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How to successfully onboard remote employees

Working from home is considered the ‘new normal’ for many. No more sitting next to your favourite colleagues at lunch or long, tiring commutes to work – and you can definitely wave goodbye to shaking hands with your new boss!

The COVID-19 pandemic turned the employment world on its head and forced employers to trust their workforce. But, for many, the benefits of remote working were too clear to miss:

  • Boosted productivity
  • Decreased absenteeism
  • Reduced turnover rates
  • Less (or no) commuting time
  • Increased work/life balance
  • Potentially a severe cost-saving strategy

As more employers reap the benefits, remote working is set to become more common, even when offices are allowed to fully reopen again.

So, how do you adjust your onboarding process to fit with the new way of working?

1) Show new hires you care

Nothing says “We support you”, like doing exactly that from the get-go.

People love to feel appreciated and wanted… We’re humans; it’s just in our DNA.

Let them know how excited you are about them joining the company. Encourage others to reach out on LinkedIn or by email. Why not send them a little something in the post?

A great candidate experience can seriously boost employee output, and a good experience can spread like wildfire. Word of mouth is your friend here.

“When I accepted a job at Kallidus, I was impressed with the little touches. I received a ‘welcome gift’ of a cactus to welcome me to the marketing team. And an email from the CEO welcoming me to the company. It really started the relationship off positively.” – Helen Larkin, Digital Marketing Manager, Kallidus

Make sure their first day is one to remember. Look for local bakeries that could deliver them freshly baked goods or a nice cup of ground coffee for their first day on the job!

2) Send all relevant IT and tech before they start

Think of what an employee would have in the office.
– Computer (maybe a laptop)
– A second monitor
– Keyboard and mouse
– Headset
– Notebook and stationery
It’s important to remember that some employees might not have a home office. In fact, over a quarter of remote workers are doing their day job in the living room. 10% are working in their kitchen!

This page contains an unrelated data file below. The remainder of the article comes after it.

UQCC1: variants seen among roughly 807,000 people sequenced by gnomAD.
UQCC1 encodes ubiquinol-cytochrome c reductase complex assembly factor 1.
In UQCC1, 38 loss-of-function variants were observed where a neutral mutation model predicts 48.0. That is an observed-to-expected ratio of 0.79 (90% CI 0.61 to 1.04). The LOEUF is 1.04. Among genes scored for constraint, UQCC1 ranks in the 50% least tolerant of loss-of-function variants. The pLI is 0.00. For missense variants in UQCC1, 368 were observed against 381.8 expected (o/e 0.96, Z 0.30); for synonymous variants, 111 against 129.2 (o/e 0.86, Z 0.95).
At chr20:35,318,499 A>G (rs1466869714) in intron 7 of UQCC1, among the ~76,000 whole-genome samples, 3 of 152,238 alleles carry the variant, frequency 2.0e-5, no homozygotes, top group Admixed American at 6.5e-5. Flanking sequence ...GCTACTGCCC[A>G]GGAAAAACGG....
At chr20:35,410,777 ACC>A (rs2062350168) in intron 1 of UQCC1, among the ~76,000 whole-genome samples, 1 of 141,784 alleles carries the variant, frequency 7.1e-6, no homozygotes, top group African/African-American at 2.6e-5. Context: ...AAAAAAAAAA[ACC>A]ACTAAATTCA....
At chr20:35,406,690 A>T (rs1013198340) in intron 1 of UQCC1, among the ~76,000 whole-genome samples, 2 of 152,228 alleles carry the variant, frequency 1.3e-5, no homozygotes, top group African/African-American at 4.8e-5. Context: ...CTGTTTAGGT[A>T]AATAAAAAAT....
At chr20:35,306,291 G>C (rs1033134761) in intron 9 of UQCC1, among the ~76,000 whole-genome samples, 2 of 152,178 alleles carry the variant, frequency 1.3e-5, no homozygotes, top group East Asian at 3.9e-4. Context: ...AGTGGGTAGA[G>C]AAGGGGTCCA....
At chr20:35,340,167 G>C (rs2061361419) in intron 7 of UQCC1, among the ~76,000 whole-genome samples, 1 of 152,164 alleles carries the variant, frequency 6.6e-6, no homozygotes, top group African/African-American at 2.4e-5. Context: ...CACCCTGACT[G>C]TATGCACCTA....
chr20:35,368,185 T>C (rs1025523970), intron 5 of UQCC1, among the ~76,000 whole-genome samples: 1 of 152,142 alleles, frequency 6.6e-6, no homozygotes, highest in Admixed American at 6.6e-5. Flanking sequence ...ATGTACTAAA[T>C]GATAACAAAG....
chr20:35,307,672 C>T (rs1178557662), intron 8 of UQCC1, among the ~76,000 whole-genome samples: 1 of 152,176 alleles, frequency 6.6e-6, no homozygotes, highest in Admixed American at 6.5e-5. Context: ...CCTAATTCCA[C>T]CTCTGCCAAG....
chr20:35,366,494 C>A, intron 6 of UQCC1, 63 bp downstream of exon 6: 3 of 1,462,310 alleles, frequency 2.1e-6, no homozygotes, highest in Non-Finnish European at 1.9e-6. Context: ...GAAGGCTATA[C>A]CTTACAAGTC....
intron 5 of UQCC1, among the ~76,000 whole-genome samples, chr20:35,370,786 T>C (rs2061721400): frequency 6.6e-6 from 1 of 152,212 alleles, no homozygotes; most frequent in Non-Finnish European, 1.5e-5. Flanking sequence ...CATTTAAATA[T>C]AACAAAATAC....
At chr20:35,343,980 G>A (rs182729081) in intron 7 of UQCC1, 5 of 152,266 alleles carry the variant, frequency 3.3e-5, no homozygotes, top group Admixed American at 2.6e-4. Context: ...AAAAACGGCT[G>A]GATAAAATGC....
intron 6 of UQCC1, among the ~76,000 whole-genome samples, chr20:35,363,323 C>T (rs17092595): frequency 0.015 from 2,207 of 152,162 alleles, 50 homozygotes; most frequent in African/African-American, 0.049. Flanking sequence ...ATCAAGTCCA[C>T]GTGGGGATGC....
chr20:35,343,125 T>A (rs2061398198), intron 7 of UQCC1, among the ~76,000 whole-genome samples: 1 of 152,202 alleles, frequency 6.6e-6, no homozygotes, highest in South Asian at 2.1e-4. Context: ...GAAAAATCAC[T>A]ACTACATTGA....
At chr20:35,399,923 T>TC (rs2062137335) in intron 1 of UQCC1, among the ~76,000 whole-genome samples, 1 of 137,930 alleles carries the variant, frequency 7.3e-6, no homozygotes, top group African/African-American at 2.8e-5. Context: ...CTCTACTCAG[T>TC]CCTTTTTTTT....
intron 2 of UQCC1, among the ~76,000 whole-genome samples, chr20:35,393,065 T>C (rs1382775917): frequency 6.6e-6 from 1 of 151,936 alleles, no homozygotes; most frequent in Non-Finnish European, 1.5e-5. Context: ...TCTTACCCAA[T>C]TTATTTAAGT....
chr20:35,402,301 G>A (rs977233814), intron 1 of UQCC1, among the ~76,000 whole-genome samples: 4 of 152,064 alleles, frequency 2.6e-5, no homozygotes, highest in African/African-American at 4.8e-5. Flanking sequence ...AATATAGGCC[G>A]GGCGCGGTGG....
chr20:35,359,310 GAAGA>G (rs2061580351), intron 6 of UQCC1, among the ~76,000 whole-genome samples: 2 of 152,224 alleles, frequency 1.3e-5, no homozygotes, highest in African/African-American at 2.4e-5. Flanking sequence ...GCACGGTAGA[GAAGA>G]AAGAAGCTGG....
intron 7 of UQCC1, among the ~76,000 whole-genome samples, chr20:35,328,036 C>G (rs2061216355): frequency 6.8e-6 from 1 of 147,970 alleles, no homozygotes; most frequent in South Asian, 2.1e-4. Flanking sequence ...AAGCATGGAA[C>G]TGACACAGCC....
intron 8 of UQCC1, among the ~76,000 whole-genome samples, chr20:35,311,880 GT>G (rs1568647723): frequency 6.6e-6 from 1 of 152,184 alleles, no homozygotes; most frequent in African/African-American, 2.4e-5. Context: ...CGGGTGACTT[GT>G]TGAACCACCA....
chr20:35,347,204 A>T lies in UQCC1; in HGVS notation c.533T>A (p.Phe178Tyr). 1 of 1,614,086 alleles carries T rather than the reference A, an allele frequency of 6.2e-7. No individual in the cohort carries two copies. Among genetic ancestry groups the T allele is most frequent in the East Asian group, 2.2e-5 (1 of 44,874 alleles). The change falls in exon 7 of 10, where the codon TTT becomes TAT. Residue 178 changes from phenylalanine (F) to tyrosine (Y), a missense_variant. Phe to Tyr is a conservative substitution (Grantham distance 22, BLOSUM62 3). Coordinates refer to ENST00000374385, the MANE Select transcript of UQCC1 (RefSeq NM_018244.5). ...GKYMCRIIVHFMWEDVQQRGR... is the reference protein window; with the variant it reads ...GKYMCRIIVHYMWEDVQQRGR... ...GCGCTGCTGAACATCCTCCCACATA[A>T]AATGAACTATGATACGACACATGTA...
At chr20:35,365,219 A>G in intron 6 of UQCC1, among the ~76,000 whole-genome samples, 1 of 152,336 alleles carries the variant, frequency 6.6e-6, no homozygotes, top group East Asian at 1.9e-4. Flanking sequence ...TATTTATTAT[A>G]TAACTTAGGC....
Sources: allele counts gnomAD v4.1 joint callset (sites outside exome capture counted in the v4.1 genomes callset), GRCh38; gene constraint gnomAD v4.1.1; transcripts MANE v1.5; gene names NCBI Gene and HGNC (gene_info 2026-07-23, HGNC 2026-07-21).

Consider setting a budget for each remote worker to set up their home office. You’ll likely be saving costs with employees not working from an office, so you can reallocate budgeted office electricity and running costs to equipping new hires with the essentials!

3) Don’t forget about a work buddy!

A buddy program is a great way to help new employees settle into your organisation. Buddies can help new hires learn the ropes with things like who to go to for IT support and how other employees use tools like Teams and Asana to communicate.

If you have a hybrid workforce, matching your remote workers with other remote employees can be helpful. They can help answer questions that are more specific to working from home:
– How to avoid daily interruptions at home
– Using the VPN
– If your Christmas PJs are noticeable on the morning calls

4) Share your remote work policy

With nearly two-thirds of employers having remote workers, only 43% have remote working policies.

Try not to worry if you don’t have a well-established policy just yet. This past year has been tough, to say the very least. What’s important is that you get one sorted as soon as possible!

Your remote working policy might include things like:
– Working hours
– How much budget workers are allocated for office supplies
– Dress code
– Flexi-time
– Meeting times
– How performance reviews will be conducted remotely
Review your remote working policy during your onboarding process, so your expectations are clear.

5) Utilise your HRIS

A great HRIS will automate and streamline many of the everyday tasks necessary for onboarding remote workers. Digitising important documents, tracking and modifying employee data and managing payroll and benefits packages are simplified via your HRIS.

Your HRIS should make life easier for you. It’ll do all the tedious admin tasks that you don’t want to but at a much faster pace!

6) Gather employee feedback

Employee feedback is crucial for designing and executing great HR programmes.
New hire surveys help you learn what you’ve done well in the early employee experience and where you could improve.

Make sure you ask whether the employee works from home or the office. This allows you to segment your data and learn what different employees think of the employee onboarding experience.

It can also provide useful feedback to fine-tune your onboarding experiences for these two types of employees.

Employee onboarding sets the tone for the entire employee experience. Consider how you can create a process that will engage and retain the talent you’ve worked so hard to recruit, then collect feedback and fine-tune it.
This is an investment that will surely pay off.

If you’re planning a return to the office or a hybrid model with flexible working, take a look at our key HR steps for a smooth return. Or you can download our new eBook on remote working, which is an ultimate guide for getting it right.

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Written by Mara Swann

Mara has a passion for promoting equity, diversity, and inclusion across global workplaces and hopes to inspire learners to focus on their own careers with self-directed learning content.


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